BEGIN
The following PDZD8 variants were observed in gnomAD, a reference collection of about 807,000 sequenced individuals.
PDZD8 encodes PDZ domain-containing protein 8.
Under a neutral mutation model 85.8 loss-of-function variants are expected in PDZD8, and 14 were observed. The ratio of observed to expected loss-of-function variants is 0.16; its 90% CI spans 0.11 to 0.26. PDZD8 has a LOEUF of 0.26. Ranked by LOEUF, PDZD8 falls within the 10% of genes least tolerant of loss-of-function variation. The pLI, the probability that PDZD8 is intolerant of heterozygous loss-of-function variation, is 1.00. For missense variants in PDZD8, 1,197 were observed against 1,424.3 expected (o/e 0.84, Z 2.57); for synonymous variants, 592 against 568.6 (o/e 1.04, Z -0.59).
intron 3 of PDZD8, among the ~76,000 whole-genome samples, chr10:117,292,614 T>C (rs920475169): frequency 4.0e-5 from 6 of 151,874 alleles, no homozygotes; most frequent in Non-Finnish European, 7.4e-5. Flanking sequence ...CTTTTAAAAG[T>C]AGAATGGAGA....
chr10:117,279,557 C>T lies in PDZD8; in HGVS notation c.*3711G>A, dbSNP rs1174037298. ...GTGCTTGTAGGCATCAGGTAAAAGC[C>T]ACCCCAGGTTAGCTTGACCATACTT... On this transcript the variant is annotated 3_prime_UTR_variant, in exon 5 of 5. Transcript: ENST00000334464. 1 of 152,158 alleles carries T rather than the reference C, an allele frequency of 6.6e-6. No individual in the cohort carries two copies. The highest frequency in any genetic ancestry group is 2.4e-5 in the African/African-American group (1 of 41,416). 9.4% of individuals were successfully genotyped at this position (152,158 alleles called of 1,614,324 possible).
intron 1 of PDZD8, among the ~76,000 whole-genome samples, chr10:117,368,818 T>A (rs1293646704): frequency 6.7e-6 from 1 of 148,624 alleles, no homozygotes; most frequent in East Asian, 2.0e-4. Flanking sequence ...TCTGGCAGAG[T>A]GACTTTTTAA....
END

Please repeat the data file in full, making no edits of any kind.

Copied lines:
The following PDZD8 variants were observed in gnomAD, a reference collection of about 807,000 sequenced individuals.
PDZD8 encodes PDZ domain-containing protein 8.
Under a neutral mutation model 85.8 loss-of-function variants are expected in PDZD8, and 14 were observed. The ratio of observed to expected loss-of-function variants is 0.16; its 90% CI spans 0.11 to 0.26. PDZD8 has a LOEUF of 0.26. Ranked by LOEUF, PDZD8 falls within the 10% of genes least tolerant of loss-of-function variation. The pLI, the probability that PDZD8 is intolerant of heterozygous loss-of-function variation, is 1.00. For missense variants in PDZD8, 1,197 were observed against 1,424.3 expected (o/e 0.84, Z 2.57); for synonymous variants, 592 against 568.6 (o/e 1.04, Z -0.59).
intron 3 of PDZD8, among the ~76,000 whole-genome samples, chr10:117,292,614 T>C (rs920475169): frequency 4.0e-5 from 6 of 151,874 alleles, no homozygotes; most frequent in Non-Finnish European, 7.4e-5. Flanking sequence ...CTTTTAAAAG[T>C]AGAATGGAGA....
chr10:117,279,557 C>T lies in PDZD8; in HGVS notation c.*3711G>A, dbSNP rs1174037298. ...GTGCTTGTAGGCATCAGGTAAAAGC[C>T]ACCCCAGGTTAGCTTGACCATACTT... On this transcript the variant is annotated 3_prime_UTR_variant, in exon 5 of 5. Transcript: ENST00000334464. 1 of 152,158 alleles carries T rather than the reference C, an allele frequency of 6.6e-6. No individual in the cohort carries two copies. The highest frequency in any genetic ancestry group is 2.4e-5 in the African/African-American group (1 of 41,416). 9.4% of individuals were successfully genotyped at this position (152,158 alleles called of 1,614,324 possible).
intron 1 of PDZD8, among the ~76,000 whole-genome samples, chr10:117,368,818 T>A (rs1293646704): frequency 6.7e-6 from 1 of 148,624 alleles, no homozygotes; most frequent in East Asian, 2.0e-4. Flanking sequence ...TCTGGCAGAG[T>A]GACTTTTTAA....